Ativan (lorazepam) is the brand name for a prescription medication that belongs to a group of central nervous system (CNS) anti-anxiety depressants known as benzodiazepines (benzos). Ativan can be prescribed for several medical purposes, including for the treatment of anxiety, alcohol withdrawal, muscle spasms, insomnia, and seizure disorders.
Despite its many applications, Ativan can be habit-forming, particularly if misused without a prescription or in doses more frequently or in greater amounts than directed by a doctor. Over an extended period, Ativan can adversely impact a person’s emotional and physical health and overall quality of life.
Long-term abuse of Ativan can lead to the following side effects:
- Sedation and lethargy
- Fatigue and weakness
- Confusion and disorientation
- Memory impairments
- Learning impairments
- Mouth sores
- Abdominal bleeding
- Kidney problems
- Loss of appetite
- Slow, shallow breathing
- Pale or bluish skin (cyanosis)
- Dependence and withdrawal
In severe cases, the social effects of long-term Ativan use may include family conflicts and relationship strain leading to estrangement or divorce. Other possible adverse consequences include financial or legal issues and challenges with maintaining employment.
Effects on the Body
Like other benzos, Ativan is a CNS depressant that reduces brain activity. For this reason, Ativan helps relieve anxiety symptoms, such as tension, restlessness, agitation, irrational fears, and panic attacks. It can also help prevent seizures and induce sleep.
However, within just a few weeks of regular use, the CNS will grow accustomed to the presence of Ativan, and tolerance to the drug’s actions on the brain and body begin to develop. This condition requires the individual to use ever-increasing doses of the drug to achieve sought-after effects, including feelings of calm and relaxation. With prolonged use, the person can become dependent on Ativan, thus requiring the drug to function both mentally and physically.
Recreational or non-medical use of Ativan significantly increases the risk of dependence and addiction. But even a person who takes Ativan as prescribed by a doctor can become dependent on the drug over time. For this reason, lorazepam and other benzodiazepines are typically prescribed for relatively brief periods.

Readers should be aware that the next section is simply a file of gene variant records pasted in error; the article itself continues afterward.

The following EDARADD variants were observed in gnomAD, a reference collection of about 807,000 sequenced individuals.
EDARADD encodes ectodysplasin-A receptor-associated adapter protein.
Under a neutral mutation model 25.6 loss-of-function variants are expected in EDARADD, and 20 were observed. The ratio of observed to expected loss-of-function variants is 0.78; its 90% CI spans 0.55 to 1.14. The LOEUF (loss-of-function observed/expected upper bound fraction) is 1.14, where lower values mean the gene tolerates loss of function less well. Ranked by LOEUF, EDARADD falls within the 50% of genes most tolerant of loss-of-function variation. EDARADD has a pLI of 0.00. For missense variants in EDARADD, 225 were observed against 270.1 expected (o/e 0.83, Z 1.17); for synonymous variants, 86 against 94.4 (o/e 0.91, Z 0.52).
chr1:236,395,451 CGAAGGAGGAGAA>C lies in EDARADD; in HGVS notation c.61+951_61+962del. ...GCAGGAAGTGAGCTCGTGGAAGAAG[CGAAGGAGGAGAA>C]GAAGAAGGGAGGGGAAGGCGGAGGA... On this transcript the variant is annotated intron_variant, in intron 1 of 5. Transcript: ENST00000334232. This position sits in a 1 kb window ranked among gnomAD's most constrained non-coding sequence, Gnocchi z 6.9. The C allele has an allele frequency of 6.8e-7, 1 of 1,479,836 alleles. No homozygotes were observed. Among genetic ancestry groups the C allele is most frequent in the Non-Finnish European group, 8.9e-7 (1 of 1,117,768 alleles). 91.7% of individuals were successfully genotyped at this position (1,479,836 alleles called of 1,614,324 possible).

One of Ativan abuse’s most significant risks is the possibility that dependence can progress into full-blown addiction, which is further hallmarked by a psycho-emotional compulsion to seek and use drugs despite the incurrence of adverse outcomes.
Although Ativan does not usually produce severe suppression of the respiratory system, a life-threatening overdose can occur when the medication is used in conjunction with other CNS depressants. For example, mixing Ativan with alcohol or opioids significantly increases the risk of severe respiratory depression, overdose, brain damage, and death.
Ativan abuse can provoke problematic changes in an individual’s behavior. Important responsibilities and favorite activities may fall to the wayside as obtaining and using the medication become a priority.
Common behavioral signs of Ativan misuse may include the following:
- Reduced interest or pleasure in activities once deemed meaningful or enjoyable
- Avoidance of social events and withdrawal from family relationships
- Sleeping excessively
- Unusual irritability, agitation, or anxiety
- Confused, tired appearance
- Neglect of personal hygiene and grooming
- Borrowing or stealing money or other items
- Being secretive and deceptive about one’s activities
- Reduced performance at work or school
Drug-seeking behaviors are prevalent among persons who abuse prescription drugs, such as Ativan. These behaviors may include visiting multiple doctors, exaggerating or lying about certain symptoms, and forging prescriptions. Formerly honest, well-meaning individuals can begin engaging in unethical behaviors, such as lying, stealing, or selling drugs, due to addiction’s impact on their mental and emotional health.
After someone has been using Ativan for a prolonged period, they may experience a reemergence and of symptoms that used to be relieved by the drug, such as anxiety, seizures, and insomnia. These rebound effects can also occur during withdrawal when the person tries to stop using Ativan or dramatically cut back.
Additional signs of withdrawal may include:
- Stomach pain
Withdrawal from Ativan without medical supervision can be dangerous, especially for chronic or heavy users. Discontinuing use of the drug suddenly or “cold turkey” can provoke potentially fatal seizures, not unlike delirium tremens, an extreme outcome of alcohol withdrawal. The safest and most effective method of withdrawing from Ativan is by undergoing medical detox, a process in which individuals are monitored as they are weaned off the drug, and it is cleared from their system.
Getting Treatment for Ativan Addiction
Medical detox provides a structured, supportive environment where persons are kept medically stable until they are ready to begin the more intensive work required for recovery, such as that which is characteristic of a long-term, intensive substance abuse treatment program.
Although prolonged Ativan abuse can take a severe toll on a person’s physical and emotional well-being, it’s never too late to get help for addiction. Just Believe Detox and Just Believe Recovery centers offer multifaceted rehab programs, including a full range of therapeutic services, such as behavioral therapy, counseling, and group support.